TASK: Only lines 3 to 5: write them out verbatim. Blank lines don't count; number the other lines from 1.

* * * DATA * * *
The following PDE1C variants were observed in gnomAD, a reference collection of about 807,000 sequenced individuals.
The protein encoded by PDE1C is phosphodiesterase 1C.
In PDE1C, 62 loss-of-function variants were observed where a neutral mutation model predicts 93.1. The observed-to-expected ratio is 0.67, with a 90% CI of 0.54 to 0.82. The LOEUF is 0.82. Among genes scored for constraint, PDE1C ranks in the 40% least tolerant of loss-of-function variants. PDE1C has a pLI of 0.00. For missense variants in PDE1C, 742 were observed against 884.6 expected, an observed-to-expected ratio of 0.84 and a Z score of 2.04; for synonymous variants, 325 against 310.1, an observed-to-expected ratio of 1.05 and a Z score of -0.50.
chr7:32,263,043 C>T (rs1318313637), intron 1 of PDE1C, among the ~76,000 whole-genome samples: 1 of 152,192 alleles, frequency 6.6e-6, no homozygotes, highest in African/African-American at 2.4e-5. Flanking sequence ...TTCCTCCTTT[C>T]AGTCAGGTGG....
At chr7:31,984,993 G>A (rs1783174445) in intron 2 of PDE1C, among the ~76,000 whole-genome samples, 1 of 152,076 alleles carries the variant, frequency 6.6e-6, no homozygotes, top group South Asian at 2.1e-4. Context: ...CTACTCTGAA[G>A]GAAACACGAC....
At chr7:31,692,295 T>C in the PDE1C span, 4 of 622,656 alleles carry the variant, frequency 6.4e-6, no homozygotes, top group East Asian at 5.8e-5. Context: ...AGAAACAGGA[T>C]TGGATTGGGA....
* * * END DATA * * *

In PDE1C, 62 loss-of-function variants were observed where a neutral mutation model predicts 93.1. The observed-to-expected ratio is 0.67, with a 90% CI of 0.54 to 0.82. The LOEUF is 0.82. Among genes scored for constraint, PDE1C ranks in the 40% least tolerant of loss-of-function variants. PDE1C has a pLI of 0.00. For missense variants in PDE1C, 742 were observed against 884.6 expected, an observed-to-expected ratio of 0.84 and a Z score of 2.04; for synonymous variants, 325 against 310.1, an observed-to-expected ratio of 1.05 and a Z score of -0.50.
chr7:32,263,043 C>T (rs1318313637), intron 1 of PDE1C, among the ~76,000 whole-genome samples: 1 of 152,192 alleles, frequency 6.6e-6, no homozygotes, highest in African/African-American at 2.4e-5. Flanking sequence ...TTCCTCCTTT[C>T]AGTCAGGTGG....
At chr7:31,984,993 G>A (rs1783174445) in intron 2 of PDE1C, among the ~76,000 whole-genome samples, 1 of 152,076 alleles carries the variant, frequency 6.6e-6, no homozygotes, top group South Asian at 2.1e-4. Context: ...CTACTCTGAA[G>A]GAAACACGAC....